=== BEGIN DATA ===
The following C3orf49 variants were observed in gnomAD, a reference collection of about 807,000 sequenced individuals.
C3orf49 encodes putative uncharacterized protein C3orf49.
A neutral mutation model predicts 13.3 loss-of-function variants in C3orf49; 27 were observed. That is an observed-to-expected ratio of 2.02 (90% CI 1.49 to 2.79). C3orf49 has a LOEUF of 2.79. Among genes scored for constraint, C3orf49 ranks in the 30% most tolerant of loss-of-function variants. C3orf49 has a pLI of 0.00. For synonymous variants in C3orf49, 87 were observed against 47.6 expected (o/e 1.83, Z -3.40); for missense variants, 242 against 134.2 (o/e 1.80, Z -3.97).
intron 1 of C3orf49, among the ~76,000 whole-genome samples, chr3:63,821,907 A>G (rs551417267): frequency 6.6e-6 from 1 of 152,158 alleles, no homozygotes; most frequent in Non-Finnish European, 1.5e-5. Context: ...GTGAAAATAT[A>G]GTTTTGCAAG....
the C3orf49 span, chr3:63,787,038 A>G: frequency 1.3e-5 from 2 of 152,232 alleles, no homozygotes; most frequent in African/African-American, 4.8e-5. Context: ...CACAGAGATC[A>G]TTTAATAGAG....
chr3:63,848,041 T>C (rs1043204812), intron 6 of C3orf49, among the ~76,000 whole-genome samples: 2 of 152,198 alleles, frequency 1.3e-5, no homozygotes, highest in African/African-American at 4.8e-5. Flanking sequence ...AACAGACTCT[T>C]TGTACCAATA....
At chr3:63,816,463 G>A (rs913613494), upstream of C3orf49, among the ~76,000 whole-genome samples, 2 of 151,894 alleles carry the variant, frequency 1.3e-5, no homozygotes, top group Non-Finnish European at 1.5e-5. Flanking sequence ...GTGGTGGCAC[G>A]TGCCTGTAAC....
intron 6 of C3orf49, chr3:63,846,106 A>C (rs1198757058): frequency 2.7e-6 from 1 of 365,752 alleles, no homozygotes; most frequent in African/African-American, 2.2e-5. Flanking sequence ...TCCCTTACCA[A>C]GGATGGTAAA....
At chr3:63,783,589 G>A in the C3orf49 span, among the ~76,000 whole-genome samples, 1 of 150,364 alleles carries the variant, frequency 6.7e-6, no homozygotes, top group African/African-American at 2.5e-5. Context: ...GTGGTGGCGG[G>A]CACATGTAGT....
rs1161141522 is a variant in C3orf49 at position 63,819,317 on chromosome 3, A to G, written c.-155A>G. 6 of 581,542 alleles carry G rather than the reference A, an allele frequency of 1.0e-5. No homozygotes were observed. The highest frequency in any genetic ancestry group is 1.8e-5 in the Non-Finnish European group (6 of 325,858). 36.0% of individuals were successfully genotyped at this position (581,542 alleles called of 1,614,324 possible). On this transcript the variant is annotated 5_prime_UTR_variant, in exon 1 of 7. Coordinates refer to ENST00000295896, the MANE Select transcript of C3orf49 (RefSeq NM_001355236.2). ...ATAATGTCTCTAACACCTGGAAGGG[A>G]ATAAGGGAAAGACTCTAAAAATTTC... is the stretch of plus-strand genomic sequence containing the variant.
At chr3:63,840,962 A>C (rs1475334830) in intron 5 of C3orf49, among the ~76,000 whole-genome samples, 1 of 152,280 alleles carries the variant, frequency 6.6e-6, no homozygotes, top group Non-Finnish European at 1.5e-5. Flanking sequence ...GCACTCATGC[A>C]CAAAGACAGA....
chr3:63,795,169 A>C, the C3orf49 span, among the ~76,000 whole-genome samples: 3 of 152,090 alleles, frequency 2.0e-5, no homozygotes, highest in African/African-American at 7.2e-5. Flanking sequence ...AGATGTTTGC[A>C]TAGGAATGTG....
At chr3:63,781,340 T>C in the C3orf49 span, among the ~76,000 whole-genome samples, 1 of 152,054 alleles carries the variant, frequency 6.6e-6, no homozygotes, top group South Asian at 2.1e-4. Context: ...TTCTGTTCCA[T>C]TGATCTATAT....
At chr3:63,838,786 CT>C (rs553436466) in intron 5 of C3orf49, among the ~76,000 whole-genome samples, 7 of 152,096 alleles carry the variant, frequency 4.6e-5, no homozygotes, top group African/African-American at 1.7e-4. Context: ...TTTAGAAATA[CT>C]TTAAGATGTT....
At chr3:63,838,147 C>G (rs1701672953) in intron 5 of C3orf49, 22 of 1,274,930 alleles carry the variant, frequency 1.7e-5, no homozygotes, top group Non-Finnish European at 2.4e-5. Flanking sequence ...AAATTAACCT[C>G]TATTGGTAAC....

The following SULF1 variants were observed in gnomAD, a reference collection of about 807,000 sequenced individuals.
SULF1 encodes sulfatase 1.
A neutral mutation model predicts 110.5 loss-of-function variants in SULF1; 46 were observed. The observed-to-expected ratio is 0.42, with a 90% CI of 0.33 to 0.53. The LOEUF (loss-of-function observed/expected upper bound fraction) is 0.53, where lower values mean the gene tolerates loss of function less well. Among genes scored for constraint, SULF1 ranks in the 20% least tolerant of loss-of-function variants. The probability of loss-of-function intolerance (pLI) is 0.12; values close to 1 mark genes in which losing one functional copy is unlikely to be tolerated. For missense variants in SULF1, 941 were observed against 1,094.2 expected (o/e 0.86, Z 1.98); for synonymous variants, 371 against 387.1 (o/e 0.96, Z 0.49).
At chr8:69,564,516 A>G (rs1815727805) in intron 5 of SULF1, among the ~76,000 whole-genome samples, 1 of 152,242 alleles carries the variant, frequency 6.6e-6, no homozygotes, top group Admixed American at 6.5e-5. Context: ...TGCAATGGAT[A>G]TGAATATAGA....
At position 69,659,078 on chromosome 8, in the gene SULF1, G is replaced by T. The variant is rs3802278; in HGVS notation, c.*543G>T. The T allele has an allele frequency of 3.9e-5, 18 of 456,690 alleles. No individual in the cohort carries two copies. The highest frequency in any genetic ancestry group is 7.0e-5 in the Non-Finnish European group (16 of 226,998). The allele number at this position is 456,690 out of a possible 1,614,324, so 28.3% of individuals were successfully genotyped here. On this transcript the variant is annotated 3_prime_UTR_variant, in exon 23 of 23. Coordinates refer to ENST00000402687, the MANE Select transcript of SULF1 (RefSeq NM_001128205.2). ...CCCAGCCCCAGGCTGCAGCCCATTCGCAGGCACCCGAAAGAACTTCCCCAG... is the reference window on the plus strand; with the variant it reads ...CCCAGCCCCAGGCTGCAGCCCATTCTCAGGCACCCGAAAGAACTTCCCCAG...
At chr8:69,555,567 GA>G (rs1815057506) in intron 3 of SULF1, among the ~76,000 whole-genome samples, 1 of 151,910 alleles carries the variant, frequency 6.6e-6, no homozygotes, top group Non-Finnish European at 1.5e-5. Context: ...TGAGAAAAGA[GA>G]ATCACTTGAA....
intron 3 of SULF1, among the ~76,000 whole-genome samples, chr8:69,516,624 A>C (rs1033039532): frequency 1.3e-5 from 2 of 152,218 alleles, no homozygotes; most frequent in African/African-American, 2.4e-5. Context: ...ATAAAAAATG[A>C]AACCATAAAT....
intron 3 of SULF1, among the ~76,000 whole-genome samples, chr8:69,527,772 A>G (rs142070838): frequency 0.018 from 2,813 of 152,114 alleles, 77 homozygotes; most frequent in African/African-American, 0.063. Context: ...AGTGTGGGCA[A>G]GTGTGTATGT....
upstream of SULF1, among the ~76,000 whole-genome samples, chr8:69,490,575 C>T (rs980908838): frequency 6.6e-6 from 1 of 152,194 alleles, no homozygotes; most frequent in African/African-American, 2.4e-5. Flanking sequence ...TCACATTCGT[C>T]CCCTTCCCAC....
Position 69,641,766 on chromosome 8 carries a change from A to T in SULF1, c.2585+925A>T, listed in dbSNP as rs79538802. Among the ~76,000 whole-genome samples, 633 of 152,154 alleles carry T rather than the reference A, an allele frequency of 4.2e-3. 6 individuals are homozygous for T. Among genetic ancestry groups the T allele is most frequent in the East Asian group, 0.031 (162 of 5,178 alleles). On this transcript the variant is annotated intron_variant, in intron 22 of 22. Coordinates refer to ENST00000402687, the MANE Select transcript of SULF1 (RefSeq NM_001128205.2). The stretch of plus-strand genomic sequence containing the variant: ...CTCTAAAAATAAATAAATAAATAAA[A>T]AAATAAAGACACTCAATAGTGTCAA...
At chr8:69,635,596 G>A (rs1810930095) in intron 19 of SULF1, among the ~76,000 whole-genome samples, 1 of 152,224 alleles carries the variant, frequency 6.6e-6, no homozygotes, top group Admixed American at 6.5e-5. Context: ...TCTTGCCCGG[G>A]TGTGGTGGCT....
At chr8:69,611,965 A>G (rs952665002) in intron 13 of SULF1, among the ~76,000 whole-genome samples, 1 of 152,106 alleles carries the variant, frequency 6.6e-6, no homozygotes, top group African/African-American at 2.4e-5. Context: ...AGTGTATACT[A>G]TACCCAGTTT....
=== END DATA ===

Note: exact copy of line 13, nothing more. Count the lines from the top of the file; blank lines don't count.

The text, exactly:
At chr3:63,781,340 T>C in the C3orf49 span, among the ~76,000 whole-genome samples, 1 of 152,054 alleles carries the variant, frequency 6.6e-6, no homozygotes, top group South Asian at 2.1e-4. Context: ...TTCTGTTCCA[T>C]TGATCTATAT....